Chris Cooper thought he was just giving somebody a shot, but the town of Payson saw it as something more.
Every October, for National Disability Employment Awareness Month, Payson's Disabilities Awareness Committee honors one local business owner for his or her dedication to training and hiring disabled individuals; this year, that individual was Cooper.
"I was extremely elated," Cooper said. "It's nice to be recognized, but on the same token it's nice to do something for the handicapped."
Cooper wasn't aware there was an award when he and Gary Bonn, a longtime customer of his Sesame Inn Restaurant, started talking one day.
"He was a patron, we got to talking and he was looking for a job," Cooper said. "I treat Gary like he's any other person. I didn't expect anything out of it."
Bonn is developmentally disabled, but Cooper said he didn't see a problem with that; everybody deserves a chance, he said.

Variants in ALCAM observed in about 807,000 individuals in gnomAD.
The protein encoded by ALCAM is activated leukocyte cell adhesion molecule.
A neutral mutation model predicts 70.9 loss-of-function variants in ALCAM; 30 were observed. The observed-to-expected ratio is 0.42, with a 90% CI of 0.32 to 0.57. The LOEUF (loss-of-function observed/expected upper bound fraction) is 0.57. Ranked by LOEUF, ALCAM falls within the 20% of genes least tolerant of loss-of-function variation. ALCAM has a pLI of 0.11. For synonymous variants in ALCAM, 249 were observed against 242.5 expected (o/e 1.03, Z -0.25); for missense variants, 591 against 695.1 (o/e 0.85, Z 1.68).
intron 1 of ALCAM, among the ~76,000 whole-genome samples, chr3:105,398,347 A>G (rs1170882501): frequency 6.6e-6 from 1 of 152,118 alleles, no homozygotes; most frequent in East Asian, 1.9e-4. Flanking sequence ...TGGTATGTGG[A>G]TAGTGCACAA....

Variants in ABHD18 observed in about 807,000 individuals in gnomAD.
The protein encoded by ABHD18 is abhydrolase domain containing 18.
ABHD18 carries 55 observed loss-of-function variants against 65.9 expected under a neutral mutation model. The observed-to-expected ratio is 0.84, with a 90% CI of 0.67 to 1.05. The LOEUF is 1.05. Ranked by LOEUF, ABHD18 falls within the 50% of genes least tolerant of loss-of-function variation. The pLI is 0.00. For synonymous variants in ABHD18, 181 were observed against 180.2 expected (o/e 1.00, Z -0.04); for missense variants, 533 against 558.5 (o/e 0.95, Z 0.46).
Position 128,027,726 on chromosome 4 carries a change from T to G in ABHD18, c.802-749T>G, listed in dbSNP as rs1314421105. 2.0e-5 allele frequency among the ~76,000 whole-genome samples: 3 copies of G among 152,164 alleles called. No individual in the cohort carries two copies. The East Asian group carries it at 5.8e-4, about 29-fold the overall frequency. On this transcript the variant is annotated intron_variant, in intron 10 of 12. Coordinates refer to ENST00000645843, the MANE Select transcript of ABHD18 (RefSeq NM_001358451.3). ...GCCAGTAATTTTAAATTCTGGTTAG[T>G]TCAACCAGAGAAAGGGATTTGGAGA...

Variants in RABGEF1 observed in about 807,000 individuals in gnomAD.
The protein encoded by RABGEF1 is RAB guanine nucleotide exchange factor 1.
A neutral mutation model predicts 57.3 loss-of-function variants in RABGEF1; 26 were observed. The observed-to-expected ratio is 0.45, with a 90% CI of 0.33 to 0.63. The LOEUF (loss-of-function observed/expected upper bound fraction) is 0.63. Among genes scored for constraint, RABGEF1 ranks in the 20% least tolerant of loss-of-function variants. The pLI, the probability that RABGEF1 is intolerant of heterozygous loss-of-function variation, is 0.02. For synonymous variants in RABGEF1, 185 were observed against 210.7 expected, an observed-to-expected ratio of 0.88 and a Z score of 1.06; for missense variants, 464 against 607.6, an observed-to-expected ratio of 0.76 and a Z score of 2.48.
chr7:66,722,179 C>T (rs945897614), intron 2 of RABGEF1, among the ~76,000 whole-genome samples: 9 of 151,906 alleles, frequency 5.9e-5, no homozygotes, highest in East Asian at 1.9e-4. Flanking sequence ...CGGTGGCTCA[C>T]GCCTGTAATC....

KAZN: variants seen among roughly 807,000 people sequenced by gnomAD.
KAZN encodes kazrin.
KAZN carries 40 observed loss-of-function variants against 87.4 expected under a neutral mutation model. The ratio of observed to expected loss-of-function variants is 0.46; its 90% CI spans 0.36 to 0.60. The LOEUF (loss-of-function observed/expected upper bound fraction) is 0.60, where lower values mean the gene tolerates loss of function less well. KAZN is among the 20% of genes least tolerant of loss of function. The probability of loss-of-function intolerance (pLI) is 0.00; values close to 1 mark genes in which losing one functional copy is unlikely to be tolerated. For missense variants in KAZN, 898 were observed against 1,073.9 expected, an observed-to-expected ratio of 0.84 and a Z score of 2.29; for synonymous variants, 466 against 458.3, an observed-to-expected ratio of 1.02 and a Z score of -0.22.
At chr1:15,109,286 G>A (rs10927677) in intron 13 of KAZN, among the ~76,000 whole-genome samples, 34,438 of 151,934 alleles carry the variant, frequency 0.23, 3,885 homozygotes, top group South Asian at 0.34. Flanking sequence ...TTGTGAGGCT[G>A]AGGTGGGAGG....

"I feel for people who don't get a shot," Cooper said.
Jan. 3 marked Bonn's two-year anniversary bussing tables at the restaurant, and he said he still enjoys coming into work.
"It's really nice. I like working here," Bonn said. "(Cooper) is a really cool guy. I like him, he got me a job. I like it and I like him."
Cooper said Bonn's attitude is contagious. He said he wishes everyone could have the same outlook that Bonn does.
"He is always positive when he comes in to work and you don't find many employees like that," Cooper said. "It just warms my heart to see him happy and excited."
Valerie Kaufmann, a rehabilitation technician at Horizon Human Services, helps the committee find the businesses they recognize. She said that while there are many people in Payson who help the disabled community, Cooper is more than deserving of the award.
"Chris is caring and giving and an excellent supervisor," she said. "He was more than willing to give Gary the chance to prove he could do the job."
And, Kaufmann said, Bonn also has proven himself to be a valuable employee.
"Gary is very willing to learn, outgoing, trustworthy," she said.
The award, she said, is important because often people with disabilities are not afforded the chances that others might be given.
"They are looked at a little harsher, but they have proven they can do the job," she said. "They might as well have the same opportunities that anyone else has."